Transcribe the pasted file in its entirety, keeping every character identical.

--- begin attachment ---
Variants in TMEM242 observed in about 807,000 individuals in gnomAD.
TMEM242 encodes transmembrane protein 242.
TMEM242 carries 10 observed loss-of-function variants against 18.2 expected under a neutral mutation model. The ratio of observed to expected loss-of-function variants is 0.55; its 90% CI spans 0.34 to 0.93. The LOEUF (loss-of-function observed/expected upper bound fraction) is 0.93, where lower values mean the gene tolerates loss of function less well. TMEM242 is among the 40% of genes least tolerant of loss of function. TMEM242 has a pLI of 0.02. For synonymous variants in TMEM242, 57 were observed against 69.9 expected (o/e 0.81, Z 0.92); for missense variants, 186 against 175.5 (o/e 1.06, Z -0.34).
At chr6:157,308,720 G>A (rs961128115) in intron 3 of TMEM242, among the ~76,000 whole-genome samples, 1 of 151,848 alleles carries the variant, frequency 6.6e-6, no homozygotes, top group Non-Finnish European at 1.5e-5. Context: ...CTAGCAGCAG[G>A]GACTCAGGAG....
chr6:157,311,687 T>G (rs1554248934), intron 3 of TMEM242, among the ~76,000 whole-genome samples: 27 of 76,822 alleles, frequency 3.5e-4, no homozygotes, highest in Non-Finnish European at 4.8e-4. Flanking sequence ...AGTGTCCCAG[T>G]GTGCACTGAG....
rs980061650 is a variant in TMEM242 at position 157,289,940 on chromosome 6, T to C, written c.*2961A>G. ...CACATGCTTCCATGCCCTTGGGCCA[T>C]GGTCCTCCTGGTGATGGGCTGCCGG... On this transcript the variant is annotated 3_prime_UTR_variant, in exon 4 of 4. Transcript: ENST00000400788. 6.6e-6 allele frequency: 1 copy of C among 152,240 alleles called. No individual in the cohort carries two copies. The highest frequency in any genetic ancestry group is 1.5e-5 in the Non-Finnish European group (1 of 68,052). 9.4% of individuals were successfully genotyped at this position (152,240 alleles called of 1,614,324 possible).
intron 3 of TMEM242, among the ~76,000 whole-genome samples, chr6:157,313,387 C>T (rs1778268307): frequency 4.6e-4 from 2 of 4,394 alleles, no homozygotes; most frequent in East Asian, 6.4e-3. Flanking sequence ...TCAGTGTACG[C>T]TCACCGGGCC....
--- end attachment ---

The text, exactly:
Variants in TMEM242 observed in about 807,000 individuals in gnomAD.
TMEM242 encodes transmembrane protein 242.
TMEM242 carries 10 observed loss-of-function variants against 18.2 expected under a neutral mutation model. The ratio of observed to expected loss-of-function variants is 0.55; its 90% CI spans 0.34 to 0.93. The LOEUF (loss-of-function observed/expected upper bound fraction) is 0.93, where lower values mean the gene tolerates loss of function less well. TMEM242 is among the 40% of genes least tolerant of loss of function. TMEM242 has a pLI of 0.02. For synonymous variants in TMEM242, 57 were observed against 69.9 expected (o/e 0.81, Z 0.92); for missense variants, 186 against 175.5 (o/e 1.06, Z -0.34).
At chr6:157,308,720 G>A (rs961128115) in intron 3 of TMEM242, among the ~76,000 whole-genome samples, 1 of 151,848 alleles carries the variant, frequency 6.6e-6, no homozygotes, top group Non-Finnish European at 1.5e-5. Context: ...CTAGCAGCAG[G>A]GACTCAGGAG....
chr6:157,311,687 T>G (rs1554248934), intron 3 of TMEM242, among the ~76,000 whole-genome samples: 27 of 76,822 alleles, frequency 3.5e-4, no homozygotes, highest in Non-Finnish European at 4.8e-4. Flanking sequence ...AGTGTCCCAG[T>G]GTGCACTGAG....
rs980061650 is a variant in TMEM242 at position 157,289,940 on chromosome 6, T to C, written c.*2961A>G. ...CACATGCTTCCATGCCCTTGGGCCA[T>C]GGTCCTCCTGGTGATGGGCTGCCGG... On this transcript the variant is annotated 3_prime_UTR_variant, in exon 4 of 4. Transcript: ENST00000400788. 6.6e-6 allele frequency: 1 copy of C among 152,240 alleles called. No individual in the cohort carries two copies. The highest frequency in any genetic ancestry group is 1.5e-5 in the Non-Finnish European group (1 of 68,052). 9.4% of individuals were successfully genotyped at this position (152,240 alleles called of 1,614,324 possible).
intron 3 of TMEM242, among the ~76,000 whole-genome samples, chr6:157,313,387 C>T (rs1778268307): frequency 4.6e-4 from 2 of 4,394 alleles, no homozygotes; most frequent in East Asian, 6.4e-3. Flanking sequence ...TCAGTGTACG[C>T]TCACCGGGCC....